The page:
Homeschool groups and fundraisers. Do you know what your state requires?

Michelle asked a question about fund raisers in a homeschool group:

Hi Carol,
We have had fund raisers in the past (Butterbraids, a frozen pastry) and have made approx. $1,500 doing that fund raiser. We had a cooking class that prepared hot lunches and the co-op made money on those. We will have less than $100 left in the check book. We have a Fed ID #. What do we do? What about next year? Is fund raising not a good idea for us as you say in your website? We thought about charging more for membership (we charge $35/ yr now) and if people wanted to do individual fund raisers that would be up to each family. What do you think? Thank you so much for your help to the homeschool community and for whatever answers you can give us.
Sincerely,
Michelle P

Dear Michelle,

Did I say fund raising is not a good idea? I didn’t mean to. Hopefully, I just warned groups that fund raising can be a lot of work.

Charitable Solicitation filings 
If you hold fundraisers by selling products to the public (outside your own membership) you may need to report your “solicitation” to your state, typically the Attorney General’s office.

In my home state of Ohio, nonprofits have to file a Charity Registration form if they do fund raising to the public. One year my homeschool co-op sold candles door to door and had to file a seven-page financial report with Ohio’s Attorney General Office. That report was such a nuisance (and the fund raiser was so much work) that the co-op no longer does sales to the public.

Investigate what your state requires from groups doing fund raisers. These websites have information on nonprofit reporting requirements by state:

http://www.hurwitasociates.com/

https://www.harborcompliance.com/fundraising-registration

In general I encourage groups to get most of their income from membership fees and not depend too much on fund raising. Fund raising can be very successful or turn out very poorly. It is also a lot of work with sometimes only a few people doing all the work.

Individual fundraisers

I’m not sure what you mean by “individual fund raisers.” I do know that it is not proper to “award” a family for raising more money than another family, nor is it proper to set up individual accounts. It’s not right because it is not in keeping with the nonprofit motive or with the idea of a group benefit. In short, individuals are not supposed to benefit; the group is supposed to benefit.

 

My book Money Management in a Homeschool Organization covers fundraising and offers some ideas for easy fundraisers.

 

Are you up to date on your state filing requirements for your homeschool nonprofit organization? Do you even know that your state may require annual reports?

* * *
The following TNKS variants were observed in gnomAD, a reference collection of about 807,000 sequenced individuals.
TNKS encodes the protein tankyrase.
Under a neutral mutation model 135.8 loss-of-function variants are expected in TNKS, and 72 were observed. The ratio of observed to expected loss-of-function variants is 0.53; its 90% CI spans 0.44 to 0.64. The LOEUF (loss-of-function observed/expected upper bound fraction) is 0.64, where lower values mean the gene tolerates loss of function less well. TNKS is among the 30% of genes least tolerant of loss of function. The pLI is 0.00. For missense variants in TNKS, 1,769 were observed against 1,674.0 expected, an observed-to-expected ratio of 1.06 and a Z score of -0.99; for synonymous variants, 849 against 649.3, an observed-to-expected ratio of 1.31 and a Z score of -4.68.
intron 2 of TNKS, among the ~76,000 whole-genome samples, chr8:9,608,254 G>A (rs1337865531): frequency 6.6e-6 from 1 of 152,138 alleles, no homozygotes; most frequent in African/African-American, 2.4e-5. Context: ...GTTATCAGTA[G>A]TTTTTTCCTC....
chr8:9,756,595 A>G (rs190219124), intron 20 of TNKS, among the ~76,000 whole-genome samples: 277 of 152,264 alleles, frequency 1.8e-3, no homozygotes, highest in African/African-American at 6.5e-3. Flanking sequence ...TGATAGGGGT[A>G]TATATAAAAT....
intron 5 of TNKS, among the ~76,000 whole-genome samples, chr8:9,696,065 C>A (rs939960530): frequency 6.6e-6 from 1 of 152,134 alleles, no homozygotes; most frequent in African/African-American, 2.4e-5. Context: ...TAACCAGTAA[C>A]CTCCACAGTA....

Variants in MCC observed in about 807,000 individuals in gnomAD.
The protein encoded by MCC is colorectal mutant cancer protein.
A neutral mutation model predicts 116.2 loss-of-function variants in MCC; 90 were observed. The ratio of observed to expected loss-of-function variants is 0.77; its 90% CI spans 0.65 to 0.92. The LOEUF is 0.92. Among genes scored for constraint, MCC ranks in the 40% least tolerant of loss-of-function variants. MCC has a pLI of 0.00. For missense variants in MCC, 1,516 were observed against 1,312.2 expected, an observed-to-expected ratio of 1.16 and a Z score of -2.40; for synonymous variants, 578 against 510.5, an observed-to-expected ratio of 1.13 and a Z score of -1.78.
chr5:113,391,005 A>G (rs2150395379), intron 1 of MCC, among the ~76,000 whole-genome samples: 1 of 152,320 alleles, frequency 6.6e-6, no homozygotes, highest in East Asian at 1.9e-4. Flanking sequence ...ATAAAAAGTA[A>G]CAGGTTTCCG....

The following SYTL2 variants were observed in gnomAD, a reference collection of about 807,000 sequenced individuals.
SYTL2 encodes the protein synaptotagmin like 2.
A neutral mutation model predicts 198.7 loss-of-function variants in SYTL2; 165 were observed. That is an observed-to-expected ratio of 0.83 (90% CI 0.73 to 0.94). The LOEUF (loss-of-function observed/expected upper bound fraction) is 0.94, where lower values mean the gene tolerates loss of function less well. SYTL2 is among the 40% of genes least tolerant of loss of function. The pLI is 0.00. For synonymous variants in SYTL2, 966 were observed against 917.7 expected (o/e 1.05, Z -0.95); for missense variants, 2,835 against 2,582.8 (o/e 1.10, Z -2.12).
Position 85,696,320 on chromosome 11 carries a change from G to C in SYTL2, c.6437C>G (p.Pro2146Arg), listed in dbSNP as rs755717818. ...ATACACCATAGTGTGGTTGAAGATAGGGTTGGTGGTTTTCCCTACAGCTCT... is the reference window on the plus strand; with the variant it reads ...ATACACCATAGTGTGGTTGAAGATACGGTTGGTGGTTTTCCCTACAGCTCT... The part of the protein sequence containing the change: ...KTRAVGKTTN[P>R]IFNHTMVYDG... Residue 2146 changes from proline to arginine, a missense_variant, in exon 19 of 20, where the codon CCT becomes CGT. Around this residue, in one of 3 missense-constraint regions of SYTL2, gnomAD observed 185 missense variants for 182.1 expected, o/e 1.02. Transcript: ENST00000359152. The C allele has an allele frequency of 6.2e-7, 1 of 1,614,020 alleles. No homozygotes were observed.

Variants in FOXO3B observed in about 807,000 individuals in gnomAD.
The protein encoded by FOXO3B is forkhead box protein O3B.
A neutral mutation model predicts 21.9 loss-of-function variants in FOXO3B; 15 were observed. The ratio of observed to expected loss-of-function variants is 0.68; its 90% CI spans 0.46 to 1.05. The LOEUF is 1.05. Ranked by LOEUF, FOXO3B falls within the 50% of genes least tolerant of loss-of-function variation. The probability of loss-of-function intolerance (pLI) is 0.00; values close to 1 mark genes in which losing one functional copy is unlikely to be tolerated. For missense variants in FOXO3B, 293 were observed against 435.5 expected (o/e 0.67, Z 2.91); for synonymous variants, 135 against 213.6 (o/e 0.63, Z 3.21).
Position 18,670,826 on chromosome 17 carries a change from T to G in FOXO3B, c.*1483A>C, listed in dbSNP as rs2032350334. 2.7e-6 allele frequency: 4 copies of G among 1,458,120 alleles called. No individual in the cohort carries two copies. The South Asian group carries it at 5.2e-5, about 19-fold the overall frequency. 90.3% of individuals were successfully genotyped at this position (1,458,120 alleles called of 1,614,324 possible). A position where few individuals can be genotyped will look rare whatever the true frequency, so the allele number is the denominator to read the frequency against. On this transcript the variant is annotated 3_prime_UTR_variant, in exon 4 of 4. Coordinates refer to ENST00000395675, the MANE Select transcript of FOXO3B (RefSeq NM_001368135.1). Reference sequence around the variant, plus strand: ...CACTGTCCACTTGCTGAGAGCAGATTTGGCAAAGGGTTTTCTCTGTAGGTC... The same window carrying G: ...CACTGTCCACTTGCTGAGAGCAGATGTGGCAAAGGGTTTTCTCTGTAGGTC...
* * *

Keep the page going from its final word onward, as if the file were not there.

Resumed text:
Most states require some reporting from nonprofit organizations on an annual basis. My webinar on IRS and State Filings for Homeschool Nonprofits will explain the state reports and help you research your state’s requirements.

 

 

Carol Topp, CPA

HomeschoolCPA.com

Tiny Homeschool Groups: Do We Need a Bank Account?

Tiny Homeschool Groups: Do We Need a Bank Account?

Tiny homeschool groups have different challenges than large programs. They are limited on resources, volunteers, and activities. But they still have questions about legal status, money and taxes that the large homeschool organizations have.

In this 4-part podcast series, Carol Topp, CPA answers the common questions that tiny homeschool groups face. All podcasts are available at HomeschoolCPA.com/Podcast

  • Episode #175 Are We a Nonprofit?
  • Episode #176 Do We Need to File Anything?
  • Episode #177 Do We Need to Pay Taxes?
  • Episode #178 Do We Need a Bank Account?

In this episode Carol Topp will explain when a tiny homeschool group might need to open a checking account.

  • The pros and cons of operating in cash and without a checking account
  • Warning against using a personal checking account
  • Steps to take before opening a checking account

Join the Facebook group for homeschool leaders: I am a Homeschool Group Leader. 600+ homeschool leaders offer ideas, encouragement and respectful exchange of ideas. https://www.facebook.com/groups/72534255742/

 

Featured Product

Money Management in a Homeschool Organization

  • Does your homeschool group manage their money well?
  • Do you have a budget and know where the money is spent?
  • Do you know how to prevent fraud?

This 115 page book will help you to open a checking account, establish a budget, prevent mistakes and fraud, use software to keep the books, prepare a financial statement and hire workers. Sample forms and examples of financial statements in clear English are provided.